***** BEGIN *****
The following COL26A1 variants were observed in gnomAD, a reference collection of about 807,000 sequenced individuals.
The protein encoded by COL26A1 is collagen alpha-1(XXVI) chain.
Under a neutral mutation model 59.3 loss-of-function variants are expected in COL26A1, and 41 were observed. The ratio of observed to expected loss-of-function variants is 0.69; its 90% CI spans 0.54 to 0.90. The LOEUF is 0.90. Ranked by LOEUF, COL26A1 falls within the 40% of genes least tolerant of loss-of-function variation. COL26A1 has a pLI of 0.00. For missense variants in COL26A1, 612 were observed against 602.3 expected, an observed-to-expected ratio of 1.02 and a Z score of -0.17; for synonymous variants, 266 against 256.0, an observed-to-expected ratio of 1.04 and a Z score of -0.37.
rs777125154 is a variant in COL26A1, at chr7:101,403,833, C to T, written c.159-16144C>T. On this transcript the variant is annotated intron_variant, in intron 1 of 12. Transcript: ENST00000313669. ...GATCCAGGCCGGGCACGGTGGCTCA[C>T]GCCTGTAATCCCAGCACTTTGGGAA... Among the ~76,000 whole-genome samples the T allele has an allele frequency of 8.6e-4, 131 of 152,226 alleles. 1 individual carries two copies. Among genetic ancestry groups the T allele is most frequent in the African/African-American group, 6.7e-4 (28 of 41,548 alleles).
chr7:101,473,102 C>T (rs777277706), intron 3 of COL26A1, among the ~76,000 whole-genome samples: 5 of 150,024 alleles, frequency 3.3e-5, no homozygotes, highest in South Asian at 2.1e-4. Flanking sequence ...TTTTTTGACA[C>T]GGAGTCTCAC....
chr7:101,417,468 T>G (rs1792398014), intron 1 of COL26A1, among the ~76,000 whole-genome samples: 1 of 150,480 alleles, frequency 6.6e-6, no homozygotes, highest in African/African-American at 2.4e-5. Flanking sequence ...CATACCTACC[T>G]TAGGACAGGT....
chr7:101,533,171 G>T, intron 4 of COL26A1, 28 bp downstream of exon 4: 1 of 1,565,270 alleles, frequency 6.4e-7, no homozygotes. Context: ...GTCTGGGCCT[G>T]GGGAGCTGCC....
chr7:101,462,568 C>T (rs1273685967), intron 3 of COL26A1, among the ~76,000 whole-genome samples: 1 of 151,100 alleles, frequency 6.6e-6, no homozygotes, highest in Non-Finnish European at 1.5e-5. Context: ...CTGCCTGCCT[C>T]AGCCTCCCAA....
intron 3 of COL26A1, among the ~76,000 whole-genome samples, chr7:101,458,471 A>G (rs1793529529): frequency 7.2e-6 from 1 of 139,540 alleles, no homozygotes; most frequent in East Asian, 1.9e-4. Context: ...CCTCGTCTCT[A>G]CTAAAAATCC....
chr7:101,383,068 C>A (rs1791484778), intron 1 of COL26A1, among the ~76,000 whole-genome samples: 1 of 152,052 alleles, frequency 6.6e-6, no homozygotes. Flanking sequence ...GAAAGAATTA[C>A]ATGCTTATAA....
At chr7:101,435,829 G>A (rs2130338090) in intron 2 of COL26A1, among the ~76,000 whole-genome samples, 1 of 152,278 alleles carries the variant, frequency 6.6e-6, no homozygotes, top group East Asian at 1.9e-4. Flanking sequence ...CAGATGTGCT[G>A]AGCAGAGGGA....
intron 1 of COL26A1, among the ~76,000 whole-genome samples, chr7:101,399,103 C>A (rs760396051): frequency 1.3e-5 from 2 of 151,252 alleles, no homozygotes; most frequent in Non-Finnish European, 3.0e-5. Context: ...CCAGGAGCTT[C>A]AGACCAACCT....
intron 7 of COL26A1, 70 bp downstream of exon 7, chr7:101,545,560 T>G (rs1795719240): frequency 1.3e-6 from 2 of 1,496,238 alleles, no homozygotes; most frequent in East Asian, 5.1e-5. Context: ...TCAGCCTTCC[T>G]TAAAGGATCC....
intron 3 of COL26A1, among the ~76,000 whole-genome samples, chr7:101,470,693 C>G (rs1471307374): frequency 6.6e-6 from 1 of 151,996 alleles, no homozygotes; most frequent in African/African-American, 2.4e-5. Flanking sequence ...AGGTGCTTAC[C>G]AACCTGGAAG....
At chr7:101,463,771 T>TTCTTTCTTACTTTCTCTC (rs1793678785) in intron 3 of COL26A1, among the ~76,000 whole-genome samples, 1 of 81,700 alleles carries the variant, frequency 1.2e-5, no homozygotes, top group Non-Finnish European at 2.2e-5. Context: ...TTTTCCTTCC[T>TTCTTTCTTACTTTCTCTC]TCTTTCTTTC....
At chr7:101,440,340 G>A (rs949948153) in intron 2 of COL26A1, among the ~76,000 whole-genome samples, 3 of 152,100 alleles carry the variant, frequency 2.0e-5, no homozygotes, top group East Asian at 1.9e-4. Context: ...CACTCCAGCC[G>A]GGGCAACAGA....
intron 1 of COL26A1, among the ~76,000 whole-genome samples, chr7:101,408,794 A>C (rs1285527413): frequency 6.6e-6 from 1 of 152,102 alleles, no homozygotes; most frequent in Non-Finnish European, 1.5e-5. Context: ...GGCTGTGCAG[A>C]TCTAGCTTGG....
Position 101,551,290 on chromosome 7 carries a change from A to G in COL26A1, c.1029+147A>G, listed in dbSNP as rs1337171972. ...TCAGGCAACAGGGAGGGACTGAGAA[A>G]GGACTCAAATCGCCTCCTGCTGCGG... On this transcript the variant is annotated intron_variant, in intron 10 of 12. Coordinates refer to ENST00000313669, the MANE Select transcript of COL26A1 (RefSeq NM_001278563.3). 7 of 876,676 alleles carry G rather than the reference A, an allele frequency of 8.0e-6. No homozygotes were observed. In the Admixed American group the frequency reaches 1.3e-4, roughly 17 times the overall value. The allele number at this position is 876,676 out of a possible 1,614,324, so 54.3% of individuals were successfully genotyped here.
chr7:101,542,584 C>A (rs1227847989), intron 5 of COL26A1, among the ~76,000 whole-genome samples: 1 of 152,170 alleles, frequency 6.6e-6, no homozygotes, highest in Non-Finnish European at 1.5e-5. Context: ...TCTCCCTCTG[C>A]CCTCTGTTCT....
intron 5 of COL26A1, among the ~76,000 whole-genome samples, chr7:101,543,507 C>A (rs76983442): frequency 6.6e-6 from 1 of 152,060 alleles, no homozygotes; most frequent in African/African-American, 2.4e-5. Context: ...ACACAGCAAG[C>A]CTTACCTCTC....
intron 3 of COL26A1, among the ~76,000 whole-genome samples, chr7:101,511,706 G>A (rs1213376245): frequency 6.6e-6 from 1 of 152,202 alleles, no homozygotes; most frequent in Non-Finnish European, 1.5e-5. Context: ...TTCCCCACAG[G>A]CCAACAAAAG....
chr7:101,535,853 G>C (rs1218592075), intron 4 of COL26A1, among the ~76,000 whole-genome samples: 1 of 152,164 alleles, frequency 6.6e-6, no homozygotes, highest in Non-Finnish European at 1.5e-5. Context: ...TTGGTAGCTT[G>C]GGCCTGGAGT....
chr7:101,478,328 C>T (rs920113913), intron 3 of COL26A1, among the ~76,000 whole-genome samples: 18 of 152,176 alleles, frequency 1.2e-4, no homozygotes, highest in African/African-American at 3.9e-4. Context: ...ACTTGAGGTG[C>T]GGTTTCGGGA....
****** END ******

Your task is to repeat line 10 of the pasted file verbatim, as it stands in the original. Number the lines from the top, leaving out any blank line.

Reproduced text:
chr7:101,383,068 C>A (rs1791484778), intron 1 of COL26A1, among the ~76,000 whole-genome samples: 1 of 152,052 alleles, frequency 6.6e-6, no homozygotes. Flanking sequence ...GAAAGAATTA[C>A]ATGCTTATAA....